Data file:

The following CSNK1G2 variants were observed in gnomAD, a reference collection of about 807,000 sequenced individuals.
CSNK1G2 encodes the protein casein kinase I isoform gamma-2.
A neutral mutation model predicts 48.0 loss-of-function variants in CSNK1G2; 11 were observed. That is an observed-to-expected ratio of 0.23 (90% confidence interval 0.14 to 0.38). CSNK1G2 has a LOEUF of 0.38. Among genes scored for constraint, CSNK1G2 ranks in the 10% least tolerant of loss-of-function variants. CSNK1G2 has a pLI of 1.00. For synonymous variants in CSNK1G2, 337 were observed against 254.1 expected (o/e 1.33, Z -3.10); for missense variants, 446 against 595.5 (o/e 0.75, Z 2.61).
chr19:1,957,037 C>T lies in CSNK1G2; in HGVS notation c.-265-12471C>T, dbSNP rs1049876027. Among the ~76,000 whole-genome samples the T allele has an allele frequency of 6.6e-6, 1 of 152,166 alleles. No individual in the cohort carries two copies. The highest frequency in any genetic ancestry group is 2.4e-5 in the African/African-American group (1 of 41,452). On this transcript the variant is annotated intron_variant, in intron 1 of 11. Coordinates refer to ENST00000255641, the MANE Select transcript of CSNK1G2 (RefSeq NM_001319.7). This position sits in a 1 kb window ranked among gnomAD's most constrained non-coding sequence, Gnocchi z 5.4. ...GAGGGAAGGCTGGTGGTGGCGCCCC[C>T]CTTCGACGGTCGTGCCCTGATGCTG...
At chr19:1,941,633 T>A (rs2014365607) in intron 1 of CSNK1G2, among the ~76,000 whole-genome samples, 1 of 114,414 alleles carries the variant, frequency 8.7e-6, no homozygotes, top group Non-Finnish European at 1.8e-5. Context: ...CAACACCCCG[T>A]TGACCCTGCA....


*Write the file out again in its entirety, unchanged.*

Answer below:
The following CSNK1G2 variants were observed in gnomAD, a reference collection of about 807,000 sequenced individuals.
CSNK1G2 encodes the protein casein kinase I isoform gamma-2.
A neutral mutation model predicts 48.0 loss-of-function variants in CSNK1G2; 11 were observed. That is an observed-to-expected ratio of 0.23 (90% confidence interval 0.14 to 0.38). CSNK1G2 has a LOEUF of 0.38. Among genes scored for constraint, CSNK1G2 ranks in the 10% least tolerant of loss-of-function variants. CSNK1G2 has a pLI of 1.00. For synonymous variants in CSNK1G2, 337 were observed against 254.1 expected (o/e 1.33, Z -3.10); for missense variants, 446 against 595.5 (o/e 0.75, Z 2.61).
chr19:1,957,037 C>T lies in CSNK1G2; in HGVS notation c.-265-12471C>T, dbSNP rs1049876027. Among the ~76,000 whole-genome samples the T allele has an allele frequency of 6.6e-6, 1 of 152,166 alleles. No individual in the cohort carries two copies. The highest frequency in any genetic ancestry group is 2.4e-5 in the African/African-American group (1 of 41,452). On this transcript the variant is annotated intron_variant, in intron 1 of 11. Coordinates refer to ENST00000255641, the MANE Select transcript of CSNK1G2 (RefSeq NM_001319.7). This position sits in a 1 kb window ranked among gnomAD's most constrained non-coding sequence, Gnocchi z 5.4. ...GAGGGAAGGCTGGTGGTGGCGCCCC[C>T]CTTCGACGGTCGTGCCCTGATGCTG...
At chr19:1,941,633 T>A (rs2014365607) in intron 1 of CSNK1G2, among the ~76,000 whole-genome samples, 1 of 114,414 alleles carries the variant, frequency 8.7e-6, no homozygotes, top group Non-Finnish European at 1.8e-5. Context: ...CAACACCCCG[T>A]TGACCCTGCA....